Tuesday, September 12, 2017

Review: Breakfast Tea & Bourbon by Pete Bissonette (A Real Treasure Hunt Book)

     Breakfast Tea & Bourbon by Pete 
     Publisher: Learning Strategies 
     Publication Date: February 9, 2017
     Genre: Adventure; Self-Help; Mystery
     Pages: 208

Goodreads Synopsis: Pete Bissonette hid $50,000. He wrote a novel about a treasure hunt. Follow the hints and clues in the novel to find the $50,000.

Solve this novel’s mystery to find real treasure worth $50,000! Follow five best friends who sign up for a treasure hunt, rent a dilapidated RV, and head out on the search. This funny and quirky novel is a story within a story, because woven between the lines are clues to an actual treasure hidden for you to find.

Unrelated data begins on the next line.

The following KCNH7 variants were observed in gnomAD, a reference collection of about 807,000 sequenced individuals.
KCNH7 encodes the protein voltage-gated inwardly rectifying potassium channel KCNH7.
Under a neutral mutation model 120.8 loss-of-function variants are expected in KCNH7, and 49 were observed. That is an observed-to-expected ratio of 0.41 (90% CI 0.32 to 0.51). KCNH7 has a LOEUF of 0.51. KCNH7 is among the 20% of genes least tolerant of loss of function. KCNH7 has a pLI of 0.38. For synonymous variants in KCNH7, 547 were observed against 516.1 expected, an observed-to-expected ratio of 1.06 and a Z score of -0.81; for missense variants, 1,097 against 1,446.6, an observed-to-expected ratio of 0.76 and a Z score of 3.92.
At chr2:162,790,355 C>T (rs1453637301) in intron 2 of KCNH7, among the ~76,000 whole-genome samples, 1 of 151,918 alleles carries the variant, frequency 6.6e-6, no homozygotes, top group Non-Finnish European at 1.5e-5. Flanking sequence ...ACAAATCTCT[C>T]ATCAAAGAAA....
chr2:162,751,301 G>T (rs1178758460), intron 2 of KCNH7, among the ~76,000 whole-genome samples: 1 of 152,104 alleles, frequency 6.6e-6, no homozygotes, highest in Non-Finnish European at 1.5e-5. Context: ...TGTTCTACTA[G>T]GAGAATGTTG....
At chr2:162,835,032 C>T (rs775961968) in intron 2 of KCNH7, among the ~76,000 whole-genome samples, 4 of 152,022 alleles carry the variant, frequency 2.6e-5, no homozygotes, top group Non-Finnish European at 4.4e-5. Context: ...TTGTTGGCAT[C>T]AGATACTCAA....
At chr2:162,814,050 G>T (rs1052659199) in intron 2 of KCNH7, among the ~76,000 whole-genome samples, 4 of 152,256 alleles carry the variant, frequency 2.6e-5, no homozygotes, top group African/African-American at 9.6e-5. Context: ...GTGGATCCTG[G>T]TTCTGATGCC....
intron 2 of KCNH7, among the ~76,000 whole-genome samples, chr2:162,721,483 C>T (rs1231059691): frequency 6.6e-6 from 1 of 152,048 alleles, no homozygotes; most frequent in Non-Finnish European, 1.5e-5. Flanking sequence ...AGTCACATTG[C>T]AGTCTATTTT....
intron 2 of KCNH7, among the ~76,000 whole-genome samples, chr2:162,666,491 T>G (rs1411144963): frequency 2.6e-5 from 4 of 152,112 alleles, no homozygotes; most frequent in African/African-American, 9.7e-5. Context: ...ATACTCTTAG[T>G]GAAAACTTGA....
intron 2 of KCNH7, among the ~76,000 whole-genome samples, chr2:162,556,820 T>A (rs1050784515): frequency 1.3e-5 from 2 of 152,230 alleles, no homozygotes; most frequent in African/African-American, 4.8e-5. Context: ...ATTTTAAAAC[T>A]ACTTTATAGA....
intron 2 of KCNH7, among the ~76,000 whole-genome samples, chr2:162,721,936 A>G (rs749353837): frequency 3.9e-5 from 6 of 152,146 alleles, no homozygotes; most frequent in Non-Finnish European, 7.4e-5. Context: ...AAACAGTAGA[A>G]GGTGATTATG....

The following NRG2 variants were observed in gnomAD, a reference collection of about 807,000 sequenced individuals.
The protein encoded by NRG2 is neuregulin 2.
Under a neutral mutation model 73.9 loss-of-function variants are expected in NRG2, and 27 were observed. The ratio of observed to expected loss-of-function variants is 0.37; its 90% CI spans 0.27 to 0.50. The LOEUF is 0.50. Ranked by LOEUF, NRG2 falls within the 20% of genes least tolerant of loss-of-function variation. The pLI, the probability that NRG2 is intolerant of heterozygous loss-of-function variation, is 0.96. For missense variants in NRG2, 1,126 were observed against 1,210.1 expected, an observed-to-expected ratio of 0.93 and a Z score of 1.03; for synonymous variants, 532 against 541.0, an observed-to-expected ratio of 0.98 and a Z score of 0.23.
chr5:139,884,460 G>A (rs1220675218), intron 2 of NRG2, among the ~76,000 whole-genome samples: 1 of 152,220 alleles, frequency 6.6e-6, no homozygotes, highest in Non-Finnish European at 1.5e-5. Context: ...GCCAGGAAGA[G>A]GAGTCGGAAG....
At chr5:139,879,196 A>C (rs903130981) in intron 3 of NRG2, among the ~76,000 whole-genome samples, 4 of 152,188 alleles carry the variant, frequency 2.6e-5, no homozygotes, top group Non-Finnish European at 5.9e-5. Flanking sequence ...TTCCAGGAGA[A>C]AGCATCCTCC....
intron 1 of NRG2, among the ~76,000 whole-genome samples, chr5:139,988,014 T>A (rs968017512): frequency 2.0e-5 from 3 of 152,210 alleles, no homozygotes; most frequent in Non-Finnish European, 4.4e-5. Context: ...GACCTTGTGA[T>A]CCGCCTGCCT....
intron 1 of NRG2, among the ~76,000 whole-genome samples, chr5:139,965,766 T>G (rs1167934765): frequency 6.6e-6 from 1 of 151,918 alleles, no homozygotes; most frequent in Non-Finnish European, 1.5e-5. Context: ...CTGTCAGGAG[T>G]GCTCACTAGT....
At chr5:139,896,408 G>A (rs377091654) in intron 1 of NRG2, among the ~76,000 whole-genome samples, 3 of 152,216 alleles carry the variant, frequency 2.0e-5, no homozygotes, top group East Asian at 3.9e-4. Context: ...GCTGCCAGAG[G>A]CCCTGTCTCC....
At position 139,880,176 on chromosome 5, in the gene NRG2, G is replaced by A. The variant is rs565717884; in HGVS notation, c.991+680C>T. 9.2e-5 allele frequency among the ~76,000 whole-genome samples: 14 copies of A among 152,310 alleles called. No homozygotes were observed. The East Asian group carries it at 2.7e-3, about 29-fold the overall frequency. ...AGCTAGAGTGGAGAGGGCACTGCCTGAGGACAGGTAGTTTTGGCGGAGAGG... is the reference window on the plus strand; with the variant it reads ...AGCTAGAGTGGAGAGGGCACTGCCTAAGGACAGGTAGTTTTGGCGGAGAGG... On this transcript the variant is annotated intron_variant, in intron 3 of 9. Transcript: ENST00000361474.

My Review:   I was super excited to read this book about friends going on a treasure hunting adventure. It sounded so cool. And the cherry on top that attracted me even more to this book, was that the book was filled with lots of hidden clues and hints that led to a REAL treasure in the U.S. for the readers to find worth $50,000 (YES that is not a typo! Can you believe that?!).  So of course I had to read this book. This book got so much publicity on YouTube and real treasure hunting blogs since the book came out in February. A lot of people actively searched for this treasure.